Eric Singer started thinking about musical robotism in 1999. Having worked extensively in electric instruments played by humans, with people sending data into computers to make sounds, he thought it would be provocative to reverse the process, "to make the data go the other way." After conversations with friends and colleagues, a group was formed and preliminary designs were discussed. In 2000, Singer reached out to Honeybee Robotics, a Manhattan company that creates robots, flight subsystems, automated drills and other machines destined for work on Earth, Mars, and beyond. Engineers from Honeybee joined the working group long enough to "show the way" in many areas. Key funding came in 2001 from the Rockefeller Foundation. Soon after that, Singer and colleagues began learning about machining and mechanical engineering to make up for the skills that engineers from Honeybee had initially brought.

The collaboration of LEMUR with Paul Lehrman on this production took root in 1999, the year that Singer first began conceiving musical robots, when he traveled to Lowell, MA for the he world premiere of the original version of the "Ballet mécanique." That performance, held in Durgin Concert Hall at the University of Massachusetts in Lowell and produced by Paul Lehrman, occurred 75 years after "Ballet mécanique" was composed and 40 years after the death of Antheil. Singer reports being "blown away" and inspired by the experience.

Lehrman was introduced to Singer's work when the two met at the International Conference on New Interfaces for Musical Expression in May 2005. When Lehrman was approached by the National Gallery a few months later about helping to design a Ballet mécanique installation, he suggested that the instrumental parts of the piece be handled by robots made by LEMUR. Lehrman and Singer met again at the October 2005 conference of the Audio Engineering Society, where the technical and logistical details were finalized.

LEMUR is supported in part by generous grants from the Rockefeller Foundation, the New York State Council on the Arts (NYSCA), the Greenwall Foundation, the Jerome Foundation, Arts International and the National Endowment for the Arts (NEA). LEMUR is also sponsored by Harvestworks Digital Media Arts Center.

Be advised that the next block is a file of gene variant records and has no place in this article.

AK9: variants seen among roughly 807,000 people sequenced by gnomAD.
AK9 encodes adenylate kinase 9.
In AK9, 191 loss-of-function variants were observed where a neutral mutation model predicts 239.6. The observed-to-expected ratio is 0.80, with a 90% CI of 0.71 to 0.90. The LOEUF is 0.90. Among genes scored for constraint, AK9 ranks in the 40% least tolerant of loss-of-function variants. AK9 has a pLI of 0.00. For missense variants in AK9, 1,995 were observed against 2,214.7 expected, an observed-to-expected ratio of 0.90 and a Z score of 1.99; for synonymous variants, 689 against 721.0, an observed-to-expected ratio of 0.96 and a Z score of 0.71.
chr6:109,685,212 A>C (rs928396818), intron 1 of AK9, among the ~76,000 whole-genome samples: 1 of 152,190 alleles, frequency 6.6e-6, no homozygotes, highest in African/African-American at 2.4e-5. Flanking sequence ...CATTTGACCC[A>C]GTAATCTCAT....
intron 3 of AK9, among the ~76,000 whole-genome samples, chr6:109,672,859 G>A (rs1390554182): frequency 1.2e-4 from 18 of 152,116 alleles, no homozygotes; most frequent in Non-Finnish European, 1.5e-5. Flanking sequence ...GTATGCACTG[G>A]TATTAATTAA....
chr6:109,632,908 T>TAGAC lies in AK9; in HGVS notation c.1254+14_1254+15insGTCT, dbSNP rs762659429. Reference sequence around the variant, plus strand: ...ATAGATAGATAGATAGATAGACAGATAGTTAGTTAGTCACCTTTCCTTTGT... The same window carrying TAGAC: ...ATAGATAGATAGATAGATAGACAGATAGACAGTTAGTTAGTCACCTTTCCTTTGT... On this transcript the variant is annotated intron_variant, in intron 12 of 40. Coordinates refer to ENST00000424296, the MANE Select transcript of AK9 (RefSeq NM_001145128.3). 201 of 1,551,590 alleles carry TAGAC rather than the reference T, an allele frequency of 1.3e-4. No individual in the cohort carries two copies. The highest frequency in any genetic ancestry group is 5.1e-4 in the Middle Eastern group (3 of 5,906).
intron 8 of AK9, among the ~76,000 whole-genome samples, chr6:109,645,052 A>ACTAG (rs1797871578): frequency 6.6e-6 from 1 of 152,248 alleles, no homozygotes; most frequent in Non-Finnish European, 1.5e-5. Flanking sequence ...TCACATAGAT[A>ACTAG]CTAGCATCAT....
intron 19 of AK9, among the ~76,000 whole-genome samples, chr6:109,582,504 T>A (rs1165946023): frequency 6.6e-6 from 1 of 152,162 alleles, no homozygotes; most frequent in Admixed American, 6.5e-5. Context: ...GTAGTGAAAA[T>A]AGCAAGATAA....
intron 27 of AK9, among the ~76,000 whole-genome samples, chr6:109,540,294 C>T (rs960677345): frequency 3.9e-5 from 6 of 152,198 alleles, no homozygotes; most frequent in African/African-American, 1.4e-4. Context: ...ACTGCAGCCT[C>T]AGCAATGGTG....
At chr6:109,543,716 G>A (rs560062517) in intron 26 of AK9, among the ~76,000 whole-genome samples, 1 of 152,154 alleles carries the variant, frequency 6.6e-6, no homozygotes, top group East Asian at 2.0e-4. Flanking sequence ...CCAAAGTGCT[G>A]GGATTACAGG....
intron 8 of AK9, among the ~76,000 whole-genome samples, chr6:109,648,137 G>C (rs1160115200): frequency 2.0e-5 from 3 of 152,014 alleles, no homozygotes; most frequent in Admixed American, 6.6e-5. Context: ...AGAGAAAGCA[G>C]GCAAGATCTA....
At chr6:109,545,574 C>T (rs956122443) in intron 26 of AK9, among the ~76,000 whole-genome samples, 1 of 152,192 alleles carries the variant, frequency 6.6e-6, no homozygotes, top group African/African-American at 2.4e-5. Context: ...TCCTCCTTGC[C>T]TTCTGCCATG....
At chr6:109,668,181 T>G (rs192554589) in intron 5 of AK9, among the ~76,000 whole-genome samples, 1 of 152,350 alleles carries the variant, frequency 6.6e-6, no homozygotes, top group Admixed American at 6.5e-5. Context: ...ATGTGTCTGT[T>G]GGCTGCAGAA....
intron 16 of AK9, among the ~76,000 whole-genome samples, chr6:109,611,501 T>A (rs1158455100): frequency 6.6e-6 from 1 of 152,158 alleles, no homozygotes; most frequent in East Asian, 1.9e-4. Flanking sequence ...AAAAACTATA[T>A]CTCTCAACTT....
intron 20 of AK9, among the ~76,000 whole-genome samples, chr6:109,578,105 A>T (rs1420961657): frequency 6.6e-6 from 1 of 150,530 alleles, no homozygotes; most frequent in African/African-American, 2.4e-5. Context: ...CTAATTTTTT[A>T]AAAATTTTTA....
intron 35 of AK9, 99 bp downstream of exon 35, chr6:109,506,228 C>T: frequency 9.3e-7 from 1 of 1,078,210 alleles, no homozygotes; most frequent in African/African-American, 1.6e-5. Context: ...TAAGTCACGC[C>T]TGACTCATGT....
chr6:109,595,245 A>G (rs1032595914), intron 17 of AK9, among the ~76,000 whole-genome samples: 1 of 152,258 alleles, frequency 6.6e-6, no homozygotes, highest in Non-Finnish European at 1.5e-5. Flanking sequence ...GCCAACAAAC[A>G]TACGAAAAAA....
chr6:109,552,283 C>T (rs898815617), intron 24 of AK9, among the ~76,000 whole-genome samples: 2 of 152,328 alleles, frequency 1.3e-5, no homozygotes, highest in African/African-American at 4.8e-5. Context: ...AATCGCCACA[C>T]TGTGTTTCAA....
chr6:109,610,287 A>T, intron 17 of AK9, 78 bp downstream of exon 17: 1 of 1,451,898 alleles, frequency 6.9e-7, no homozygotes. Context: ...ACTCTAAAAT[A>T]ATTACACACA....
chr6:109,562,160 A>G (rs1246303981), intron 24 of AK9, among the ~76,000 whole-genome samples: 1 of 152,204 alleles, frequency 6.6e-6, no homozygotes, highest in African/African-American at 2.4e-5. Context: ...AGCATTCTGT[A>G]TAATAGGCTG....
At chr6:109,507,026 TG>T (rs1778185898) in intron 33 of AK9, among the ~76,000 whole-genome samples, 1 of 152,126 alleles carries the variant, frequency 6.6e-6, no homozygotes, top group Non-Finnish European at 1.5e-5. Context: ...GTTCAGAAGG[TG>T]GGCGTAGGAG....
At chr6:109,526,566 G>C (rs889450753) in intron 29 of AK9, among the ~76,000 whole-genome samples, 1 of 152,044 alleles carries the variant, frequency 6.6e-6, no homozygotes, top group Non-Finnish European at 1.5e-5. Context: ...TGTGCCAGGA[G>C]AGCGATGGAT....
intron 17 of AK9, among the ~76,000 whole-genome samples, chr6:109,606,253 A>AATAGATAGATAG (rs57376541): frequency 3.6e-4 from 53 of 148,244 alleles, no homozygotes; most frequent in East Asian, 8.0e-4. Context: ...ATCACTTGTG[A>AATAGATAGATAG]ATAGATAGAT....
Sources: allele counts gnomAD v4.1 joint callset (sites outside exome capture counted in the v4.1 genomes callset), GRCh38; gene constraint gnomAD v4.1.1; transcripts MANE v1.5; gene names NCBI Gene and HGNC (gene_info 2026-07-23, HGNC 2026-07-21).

"Ballet mécanique" (www.antheil.org) is Antheil's most famous—or notorious—piece. It is a highly rhythmic, often brutalistic piece combining, among other elements, sounds of the industrial age, atonal music, and jazz. Its instrumental parts are extremely difficult to play. It lasts, in its various versions, between 14 and 30 minutes. (As indicated above, the piece has been edited to ten minutes for this performance.)

At its various early premieres, it caused tremendous controversy, not to mention fistfights. Although it was very successful in Paris, it was a huge flop when it came to New York, and in fact Antheil's career as a "serious" composer never recovered from that debacle.

The piece was originally supposed to be a soundtrack to a film of the same name by the French Dadaist painter Fernand Léger and cinematographer Dudley Murphy. But Antheil and the filmmakers worked separately from each other, and when they finally put the music and the film together, they realized they didn't work at all -- for one thing, the music was twice as long as the film.

Antheil wrote several versions of the piece. The very first, written in 1924 calls for 16 player pianos playing four separate parts, for four bass drums, three xylophones, a tam-tam, seven electric bells, a siren, and three different-sized airplane propellors (high wood, low wood, and metal), as well as two human-played pianos.

Until the 1990s, this version of the piece had never been performed in its original instrumentation, since the technology for linking and synchronizing multiple player pianos, whether 4 or 16, although theoretically possible when Antheil conceived the piece, turned out not to be practical. The European-based Ensemble Moderne was the first to attempt the piece: in 1996 and 1999, they performed it in Germany and France using two custom-modified MIDI-driven player pianos to play the four parts, and six pianists to play the two human parts.

In response to the technical difficulties, Antheil quickly re-arranged the player-piano parts so that they could be performed on a single instrument. This version was performed, using one player piano and 10 human-played pianos, in Paris in 1926 and in an extremely ill-fated concert at New York's Carnegie Hall in 1927, where it created such a fiasco--technically, musically, and financially--that it was not performed again for over 60 years. In 1989 it was revived by conductor Maurice Peress for a performance at Carnegie Hall, and at that time received its first and only recording.

In 1953, after he had established himself as a film composer in Hollywood, Antheil again revised the piece, using a very different ensemble of four pianos, four xylophones, two electric bells, two propellors, timpani, glockenspiel, and assorted percussion. This version, which is much tighter and shorter than the early versions, is performed fairly often and has been recorded several times.

Today, however, we have the technology to perform the piece with its original instrumentation. This has now been done over two dozen times. Since its premiere in Lowell, Massachusetts in 1999, it has been performed by the American Composers Orchestra, the San Francisco Symphony Orchestra, the London Sinfonietta, the Boston Modern Orchestra Project, and other ensembles from British Columbia to Germany.